Apparently I struck a chord with my sure-fire diet blog: I’ve gotten more traffic and personal contacts on that blog than I’ve gotten on any blog that I’ve posted without an accompanying press release.  I think this is a reflection of how much of a medical problem being overweight is, dare I employ the over-utilized term, an epidemic.  People are obviously struggling with weight loss and they flock to the latest fad or gimmick that might help.  Or at least offers hope.  I hope what’s worked for me isn’t taken as a fad or gimmick, as to me it just seems common sense.

To reiterate the single rule of my diet:

Never consume more than your daily caloric limit.

And I obviously cannot claim “inventing” or “creating” this diet because it is so amazingly common sense.  Everyone seems to automatically and inherently know that it will work, yet we follow the fads and gimmicks instead.  My own doctor and friend, about 12 years ago, told me simply, “put fewer calories into your body than you spend” and “consider the calories of every piece of food you put into your mouth”.  Yet I invested time and expense into at least 6 “named” diets that were the “book of the month” before I tried what he suggested.  I even analyzed each and every one of those diets and knew that they were–bottom line–cutting my calories to a level below my calorie burn.  Yet, because of marketing and branding, they somehow seemed easier and quicker, despite having to buy special foods, weighing, measuring, counting, knowing what to eat and what to give up, and having to constantly refer to the book or the website.

So how do we implement this “sure-fire” diet?  Though it sounds simple, where do we start?  Before I suggest how you might start, let me try and fire you up by reviewing with you some of the benefits I’ve realized through losing my 50 pounds (ONLY 25 more to go!)  Keep in mind, these benefits were realized in just 4 1/2 months as I started on new year’s day of this year.

  • Look better, more confident – I simply look better and feel better about myself.  I’ve gone from wearing XXL to L shirts and from wearing 42 waist paints to 36’s.  I’ve even had to buy new underwear!  In fact I’ve had to buy practically a whole new wardrobe, which pains this Mr. Frugal, but I remind myself that the costs are offset with lower grocery bills and lower medical risks.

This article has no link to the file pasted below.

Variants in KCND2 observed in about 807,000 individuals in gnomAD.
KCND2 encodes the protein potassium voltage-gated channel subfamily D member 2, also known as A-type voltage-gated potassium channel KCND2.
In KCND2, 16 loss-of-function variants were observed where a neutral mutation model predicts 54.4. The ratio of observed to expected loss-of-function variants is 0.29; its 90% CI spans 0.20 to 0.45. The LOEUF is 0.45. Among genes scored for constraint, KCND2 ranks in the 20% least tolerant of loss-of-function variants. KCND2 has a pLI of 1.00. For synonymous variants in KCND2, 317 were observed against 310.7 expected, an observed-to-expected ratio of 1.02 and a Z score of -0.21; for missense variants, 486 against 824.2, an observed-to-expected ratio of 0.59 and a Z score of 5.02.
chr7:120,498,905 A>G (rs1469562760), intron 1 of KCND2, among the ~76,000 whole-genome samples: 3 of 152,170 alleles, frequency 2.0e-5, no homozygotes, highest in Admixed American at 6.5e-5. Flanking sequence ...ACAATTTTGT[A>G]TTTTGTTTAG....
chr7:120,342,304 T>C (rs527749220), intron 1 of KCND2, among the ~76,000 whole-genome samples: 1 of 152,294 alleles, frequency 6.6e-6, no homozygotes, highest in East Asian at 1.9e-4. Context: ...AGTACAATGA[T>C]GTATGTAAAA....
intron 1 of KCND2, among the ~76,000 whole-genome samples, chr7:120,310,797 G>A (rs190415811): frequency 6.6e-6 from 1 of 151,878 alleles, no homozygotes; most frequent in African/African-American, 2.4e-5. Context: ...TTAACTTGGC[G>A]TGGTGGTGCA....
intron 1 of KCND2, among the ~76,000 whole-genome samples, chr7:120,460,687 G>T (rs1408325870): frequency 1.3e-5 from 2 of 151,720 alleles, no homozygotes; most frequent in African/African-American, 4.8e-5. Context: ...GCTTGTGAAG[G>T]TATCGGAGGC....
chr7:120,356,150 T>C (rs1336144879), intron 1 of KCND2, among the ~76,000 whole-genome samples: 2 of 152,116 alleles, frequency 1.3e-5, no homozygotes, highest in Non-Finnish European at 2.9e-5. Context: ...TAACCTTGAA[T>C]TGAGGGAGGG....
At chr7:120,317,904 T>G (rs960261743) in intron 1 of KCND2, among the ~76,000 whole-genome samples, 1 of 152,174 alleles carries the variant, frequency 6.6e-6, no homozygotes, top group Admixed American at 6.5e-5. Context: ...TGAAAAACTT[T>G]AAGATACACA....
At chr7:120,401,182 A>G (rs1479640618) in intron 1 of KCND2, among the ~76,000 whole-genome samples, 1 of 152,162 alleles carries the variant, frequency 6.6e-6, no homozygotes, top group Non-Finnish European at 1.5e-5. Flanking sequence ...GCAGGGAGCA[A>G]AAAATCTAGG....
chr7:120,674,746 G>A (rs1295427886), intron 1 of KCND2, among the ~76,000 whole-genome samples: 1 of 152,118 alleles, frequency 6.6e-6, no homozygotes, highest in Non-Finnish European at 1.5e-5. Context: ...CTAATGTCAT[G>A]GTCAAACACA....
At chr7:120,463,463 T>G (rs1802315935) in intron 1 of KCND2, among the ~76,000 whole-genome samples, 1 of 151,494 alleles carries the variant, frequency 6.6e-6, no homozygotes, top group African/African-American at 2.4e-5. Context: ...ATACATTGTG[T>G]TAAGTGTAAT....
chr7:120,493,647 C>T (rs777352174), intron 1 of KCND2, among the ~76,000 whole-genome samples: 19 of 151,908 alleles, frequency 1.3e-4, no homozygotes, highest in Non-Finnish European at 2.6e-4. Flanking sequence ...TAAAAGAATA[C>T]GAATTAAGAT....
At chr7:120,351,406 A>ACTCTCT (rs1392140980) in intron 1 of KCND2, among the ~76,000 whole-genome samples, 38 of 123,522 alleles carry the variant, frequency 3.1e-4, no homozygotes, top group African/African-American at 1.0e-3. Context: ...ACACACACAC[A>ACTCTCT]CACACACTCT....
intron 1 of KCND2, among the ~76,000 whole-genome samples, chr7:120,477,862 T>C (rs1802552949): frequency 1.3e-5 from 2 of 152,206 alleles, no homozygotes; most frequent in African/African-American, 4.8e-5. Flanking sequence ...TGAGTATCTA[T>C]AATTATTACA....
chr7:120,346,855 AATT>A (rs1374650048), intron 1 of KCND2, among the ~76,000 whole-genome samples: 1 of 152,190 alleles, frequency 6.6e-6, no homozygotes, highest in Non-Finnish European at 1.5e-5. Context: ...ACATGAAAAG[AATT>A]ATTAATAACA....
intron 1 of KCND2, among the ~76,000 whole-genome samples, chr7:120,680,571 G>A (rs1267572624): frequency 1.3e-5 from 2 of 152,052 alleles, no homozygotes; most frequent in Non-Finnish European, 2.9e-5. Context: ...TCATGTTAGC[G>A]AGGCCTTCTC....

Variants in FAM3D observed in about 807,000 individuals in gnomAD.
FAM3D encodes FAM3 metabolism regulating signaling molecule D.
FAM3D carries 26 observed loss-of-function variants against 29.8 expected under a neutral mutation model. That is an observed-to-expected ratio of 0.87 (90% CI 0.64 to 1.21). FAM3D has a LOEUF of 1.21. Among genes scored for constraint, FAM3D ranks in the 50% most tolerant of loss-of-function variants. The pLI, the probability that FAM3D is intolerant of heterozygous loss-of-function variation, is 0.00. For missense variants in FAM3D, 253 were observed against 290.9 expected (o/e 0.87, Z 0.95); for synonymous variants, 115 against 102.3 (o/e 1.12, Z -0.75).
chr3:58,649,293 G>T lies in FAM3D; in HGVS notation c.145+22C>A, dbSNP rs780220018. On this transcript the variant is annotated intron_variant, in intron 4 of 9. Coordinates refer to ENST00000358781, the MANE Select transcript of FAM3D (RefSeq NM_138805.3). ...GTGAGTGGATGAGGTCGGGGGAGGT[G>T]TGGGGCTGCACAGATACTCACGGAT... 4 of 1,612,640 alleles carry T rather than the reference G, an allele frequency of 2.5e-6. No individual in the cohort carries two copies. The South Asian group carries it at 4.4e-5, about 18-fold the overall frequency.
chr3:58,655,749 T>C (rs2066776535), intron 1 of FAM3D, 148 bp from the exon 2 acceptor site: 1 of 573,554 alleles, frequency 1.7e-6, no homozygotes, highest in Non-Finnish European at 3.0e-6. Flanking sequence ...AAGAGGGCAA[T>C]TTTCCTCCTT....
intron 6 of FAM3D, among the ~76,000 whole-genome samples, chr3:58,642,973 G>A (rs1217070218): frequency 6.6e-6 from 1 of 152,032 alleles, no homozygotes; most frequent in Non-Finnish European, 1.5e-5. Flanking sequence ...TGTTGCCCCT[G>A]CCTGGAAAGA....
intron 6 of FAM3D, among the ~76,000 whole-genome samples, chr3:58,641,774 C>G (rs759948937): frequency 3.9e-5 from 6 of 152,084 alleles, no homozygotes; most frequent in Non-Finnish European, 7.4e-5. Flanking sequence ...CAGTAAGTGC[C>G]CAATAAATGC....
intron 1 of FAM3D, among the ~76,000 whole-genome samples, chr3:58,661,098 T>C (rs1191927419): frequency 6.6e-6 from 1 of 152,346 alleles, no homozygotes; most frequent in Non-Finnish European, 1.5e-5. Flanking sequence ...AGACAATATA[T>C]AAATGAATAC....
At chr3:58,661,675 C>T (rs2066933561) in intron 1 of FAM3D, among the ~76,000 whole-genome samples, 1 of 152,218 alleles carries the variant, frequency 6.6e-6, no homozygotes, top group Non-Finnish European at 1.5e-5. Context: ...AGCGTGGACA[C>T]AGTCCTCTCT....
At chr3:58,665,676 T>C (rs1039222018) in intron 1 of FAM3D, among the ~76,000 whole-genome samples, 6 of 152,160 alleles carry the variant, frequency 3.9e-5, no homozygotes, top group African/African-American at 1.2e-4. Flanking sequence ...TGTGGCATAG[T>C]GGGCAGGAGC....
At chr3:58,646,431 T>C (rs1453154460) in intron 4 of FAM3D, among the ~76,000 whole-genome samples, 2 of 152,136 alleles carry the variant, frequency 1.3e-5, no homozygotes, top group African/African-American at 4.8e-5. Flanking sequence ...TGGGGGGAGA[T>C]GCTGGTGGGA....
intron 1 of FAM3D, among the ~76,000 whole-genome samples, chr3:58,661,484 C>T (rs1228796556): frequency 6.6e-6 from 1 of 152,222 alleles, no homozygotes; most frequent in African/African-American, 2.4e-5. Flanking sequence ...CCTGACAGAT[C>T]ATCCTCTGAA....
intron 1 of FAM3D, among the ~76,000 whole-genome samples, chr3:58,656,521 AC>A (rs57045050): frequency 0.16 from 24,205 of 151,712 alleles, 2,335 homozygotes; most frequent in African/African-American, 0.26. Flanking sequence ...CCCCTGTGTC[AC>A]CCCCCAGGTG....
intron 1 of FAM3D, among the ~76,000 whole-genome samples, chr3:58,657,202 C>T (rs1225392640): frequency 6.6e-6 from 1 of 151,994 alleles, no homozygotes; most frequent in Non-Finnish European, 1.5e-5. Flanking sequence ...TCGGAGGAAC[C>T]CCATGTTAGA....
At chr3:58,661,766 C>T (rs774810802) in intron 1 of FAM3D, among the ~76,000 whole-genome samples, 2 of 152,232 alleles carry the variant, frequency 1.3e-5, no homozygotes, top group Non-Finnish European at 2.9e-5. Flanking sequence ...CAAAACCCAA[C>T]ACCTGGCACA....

• Sleeping better – I’ve stopped snoring (so confirms my wife) and I’m sleeping through the night without interruption, a good solid 6 to 7 hours every night.  I’m talking great, fitful sleep.
  • Fewer headaches – I was suffering a headache every other week or so at least; since my initial change-of-diet headache back in January I’ve had only 2 headaches!
  • Fewer and milder colds – While I’ve only been dieting 4 1/2 months and it’s not really a long enough time to know for sure, I usually suffer through a cold or 2 each winter.  This winter I had only 1 very mild sniffle and was over it in a matter of a couple of days.
  • Better constitution – I simply feel better, with more energy and a lower at-rest pulse rate.
  • Better perspective on health – While I never sat down and said I was going to start paying attention to the balance of my carbs-fat-protein, or my intake of sodium or potassium or vitamins over the course of my days and weeks, I have found myself paying attention, not only to my diet but also to my risks of things like diabetes and heart disease.

Given all the benefits above–and perhaps as I approach my ultimate goal 25 pounds from now I’ll discover more benefits–this diet has basically been a life-changing event for me.  I hope it is for you as well.

To get started, you first need to establish your caloric goal.  There are any number of tools out on the web to help you with this calculation, just google for “calculate calories for weight loss”.  Here are a couple:

There’s also a calorie calculator as part of the profile setup when you join MyFitnessPal.com which you’re going to hear me talk a lot about in the future.